‘I’m a youth worker during the days. I work out in the ghetto areas teaching the kids about electronic music production as a way to try to channel their frustration and anger into something positive. It’s a tough grind you know, most of the kids are 13-19 and about 95% of them what to make Grime and the other 4% are mostly into Hip-Hop. In general it’s a really raw gunman sound and they’re wild you know. No respect for nobody, not even themselves. I worry about what’s going to happen to a lot of them over the next two years.
You see music has always been a form of escapism for me from my day to day reality. I just love it you know, heading into those darkened venue rooms and soaking up the bass and pure sound.
When I am in that environment I feel like I’m free and nothing else matters. It’s my meditation against the struggle, my escape from Babylon. This music has always allowed me to sink into the moment and just enjoy the now for what it is with no reflection on the past and no worries about the future.
I try to push a real light at the end of the tunnel vibe and bring a serious positive and conscious sound to dances, and beyond that a physical sound you can really feel, true sound system culture’.
At this point in the conversation we were cut off due to a phone error on my part and plans were made to re-conference when the following week when Mala got back from a short trip to New York City to play some shows.
As fate would have it his return flight to London was canceled due to an airline strike and he ended up in NY for several more days before flying direct to Belgium to play more shows.
As a result, the rest of this interview was compiled via email. I present below the transcripts for your reading pleasure.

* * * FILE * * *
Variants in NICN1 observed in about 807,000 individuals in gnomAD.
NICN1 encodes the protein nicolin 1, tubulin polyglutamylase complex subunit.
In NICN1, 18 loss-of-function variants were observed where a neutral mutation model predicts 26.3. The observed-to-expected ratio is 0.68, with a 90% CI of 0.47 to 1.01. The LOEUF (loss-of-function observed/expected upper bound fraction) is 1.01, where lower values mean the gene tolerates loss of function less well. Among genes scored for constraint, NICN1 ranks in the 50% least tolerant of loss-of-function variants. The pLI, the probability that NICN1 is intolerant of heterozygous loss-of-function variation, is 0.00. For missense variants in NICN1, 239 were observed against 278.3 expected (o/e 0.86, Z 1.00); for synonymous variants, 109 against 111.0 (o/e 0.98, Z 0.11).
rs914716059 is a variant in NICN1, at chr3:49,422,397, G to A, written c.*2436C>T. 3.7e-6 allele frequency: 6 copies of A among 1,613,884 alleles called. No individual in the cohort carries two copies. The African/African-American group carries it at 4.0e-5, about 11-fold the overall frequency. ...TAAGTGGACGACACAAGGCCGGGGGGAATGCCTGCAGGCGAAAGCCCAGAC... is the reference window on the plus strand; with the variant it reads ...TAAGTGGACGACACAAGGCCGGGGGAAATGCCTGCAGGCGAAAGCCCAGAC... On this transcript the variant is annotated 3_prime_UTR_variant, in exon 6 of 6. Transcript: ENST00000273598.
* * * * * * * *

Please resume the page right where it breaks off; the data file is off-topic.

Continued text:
What can the audience expect from a DMZ show?
I am not one to hype myself or talk about what will happen as I think music should speak for itself and you never know how it will be on the night. One fact I do know though is I will have box of music on dubplate that the people have never heard before.
What are you looking forward to about playing in New Zealand?
I look forward to bringing my sound to a New Zealand crowd and spreading a positive vibe. I also look forward to meeting the locals, seeing as much of the country as possible and eating good food.
Where do you see your sound going over the next year?
I have dates booked in Japan, Australia, Russia, Canada and USA. We also just did a DMZ event in New York, at which everyone had an amazing time, good peoples and good vibes. I am also busy in Europe with France, Germany, Holland, Belgium, Italy, Spain, Portugal, Croatia and Estonia. This year I am really getting to see other parts of the world. It is truly is a blessing, I feel very lucky and I hope I can continue to spread the positive DMZ vibe.
What are some artists you would recommend to someone who enjoys Digital Mystik’s music but isn’t that knowledgeable on dubstep?